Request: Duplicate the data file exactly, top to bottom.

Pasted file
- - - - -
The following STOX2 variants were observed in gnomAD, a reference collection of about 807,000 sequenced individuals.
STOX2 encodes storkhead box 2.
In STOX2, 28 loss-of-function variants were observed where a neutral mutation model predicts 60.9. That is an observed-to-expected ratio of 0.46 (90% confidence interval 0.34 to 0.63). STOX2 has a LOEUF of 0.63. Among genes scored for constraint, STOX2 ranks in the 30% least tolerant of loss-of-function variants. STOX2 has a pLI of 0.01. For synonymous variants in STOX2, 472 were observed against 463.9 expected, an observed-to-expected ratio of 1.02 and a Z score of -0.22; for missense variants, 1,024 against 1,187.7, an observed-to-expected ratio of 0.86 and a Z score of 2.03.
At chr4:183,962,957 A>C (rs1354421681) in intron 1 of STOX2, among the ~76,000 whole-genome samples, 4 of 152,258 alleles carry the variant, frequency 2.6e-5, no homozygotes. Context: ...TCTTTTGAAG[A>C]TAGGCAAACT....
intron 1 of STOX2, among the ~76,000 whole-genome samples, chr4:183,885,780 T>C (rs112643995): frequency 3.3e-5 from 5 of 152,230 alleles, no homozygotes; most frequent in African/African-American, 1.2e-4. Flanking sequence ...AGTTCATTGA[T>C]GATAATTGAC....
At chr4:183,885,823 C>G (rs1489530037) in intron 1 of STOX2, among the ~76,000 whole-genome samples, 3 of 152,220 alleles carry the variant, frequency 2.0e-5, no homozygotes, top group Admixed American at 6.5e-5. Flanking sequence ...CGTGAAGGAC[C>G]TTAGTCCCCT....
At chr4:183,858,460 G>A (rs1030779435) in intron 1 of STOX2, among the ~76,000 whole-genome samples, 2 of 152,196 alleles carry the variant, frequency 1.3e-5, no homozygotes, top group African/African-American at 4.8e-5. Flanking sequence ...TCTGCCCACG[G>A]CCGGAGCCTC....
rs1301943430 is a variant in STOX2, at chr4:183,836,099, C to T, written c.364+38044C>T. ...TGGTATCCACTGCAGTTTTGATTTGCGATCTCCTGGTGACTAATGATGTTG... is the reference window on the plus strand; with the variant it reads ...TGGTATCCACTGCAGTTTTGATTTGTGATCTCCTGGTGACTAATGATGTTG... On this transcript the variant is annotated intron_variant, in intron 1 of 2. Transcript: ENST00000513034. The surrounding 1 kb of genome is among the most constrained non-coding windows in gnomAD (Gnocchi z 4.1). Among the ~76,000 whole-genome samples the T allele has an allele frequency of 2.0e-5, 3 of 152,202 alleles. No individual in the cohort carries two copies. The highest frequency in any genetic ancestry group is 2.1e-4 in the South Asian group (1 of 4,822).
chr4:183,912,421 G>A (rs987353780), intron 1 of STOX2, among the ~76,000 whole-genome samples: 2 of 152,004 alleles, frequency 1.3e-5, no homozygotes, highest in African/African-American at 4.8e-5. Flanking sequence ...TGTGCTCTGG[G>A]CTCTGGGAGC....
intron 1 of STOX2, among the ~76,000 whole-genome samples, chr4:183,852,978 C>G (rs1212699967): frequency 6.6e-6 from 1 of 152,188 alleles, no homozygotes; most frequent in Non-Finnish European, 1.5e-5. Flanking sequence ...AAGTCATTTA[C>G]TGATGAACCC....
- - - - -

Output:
The following STOX2 variants were observed in gnomAD, a reference collection of about 807,000 sequenced individuals.
STOX2 encodes storkhead box 2.
In STOX2, 28 loss-of-function variants were observed where a neutral mutation model predicts 60.9. That is an observed-to-expected ratio of 0.46 (90% confidence interval 0.34 to 0.63). STOX2 has a LOEUF of 0.63. Among genes scored for constraint, STOX2 ranks in the 30% least tolerant of loss-of-function variants. STOX2 has a pLI of 0.01. For synonymous variants in STOX2, 472 were observed against 463.9 expected, an observed-to-expected ratio of 1.02 and a Z score of -0.22; for missense variants, 1,024 against 1,187.7, an observed-to-expected ratio of 0.86 and a Z score of 2.03.
At chr4:183,962,957 A>C (rs1354421681) in intron 1 of STOX2, among the ~76,000 whole-genome samples, 4 of 152,258 alleles carry the variant, frequency 2.6e-5, no homozygotes. Context: ...TCTTTTGAAG[A>C]TAGGCAAACT....
intron 1 of STOX2, among the ~76,000 whole-genome samples, chr4:183,885,780 T>C (rs112643995): frequency 3.3e-5 from 5 of 152,230 alleles, no homozygotes; most frequent in African/African-American, 1.2e-4. Flanking sequence ...AGTTCATTGA[T>C]GATAATTGAC....
At chr4:183,885,823 C>G (rs1489530037) in intron 1 of STOX2, among the ~76,000 whole-genome samples, 3 of 152,220 alleles carry the variant, frequency 2.0e-5, no homozygotes, top group Admixed American at 6.5e-5. Flanking sequence ...CGTGAAGGAC[C>G]TTAGTCCCCT....
At chr4:183,858,460 G>A (rs1030779435) in intron 1 of STOX2, among the ~76,000 whole-genome samples, 2 of 152,196 alleles carry the variant, frequency 1.3e-5, no homozygotes, top group African/African-American at 4.8e-5. Flanking sequence ...TCTGCCCACG[G>A]CCGGAGCCTC....
rs1301943430 is a variant in STOX2, at chr4:183,836,099, C to T, written c.364+38044C>T. ...TGGTATCCACTGCAGTTTTGATTTGCGATCTCCTGGTGACTAATGATGTTG... is the reference window on the plus strand; with the variant it reads ...TGGTATCCACTGCAGTTTTGATTTGTGATCTCCTGGTGACTAATGATGTTG... On this transcript the variant is annotated intron_variant, in intron 1 of 2. Transcript: ENST00000513034. The surrounding 1 kb of genome is among the most constrained non-coding windows in gnomAD (Gnocchi z 4.1). Among the ~76,000 whole-genome samples the T allele has an allele frequency of 2.0e-5, 3 of 152,202 alleles. No individual in the cohort carries two copies. The highest frequency in any genetic ancestry group is 2.1e-4 in the South Asian group (1 of 4,822).
chr4:183,912,421 G>A (rs987353780), intron 1 of STOX2, among the ~76,000 whole-genome samples: 2 of 152,004 alleles, frequency 1.3e-5, no homozygotes, highest in African/African-American at 4.8e-5. Flanking sequence ...TGTGCTCTGG[G>A]CTCTGGGAGC....
intron 1 of STOX2, among the ~76,000 whole-genome samples, chr4:183,852,978 C>G (rs1212699967): frequency 6.6e-6 from 1 of 152,188 alleles, no homozygotes; most frequent in Non-Finnish European, 1.5e-5. Flanking sequence ...AAGTCATTTA[C>G]TGATGAACCC....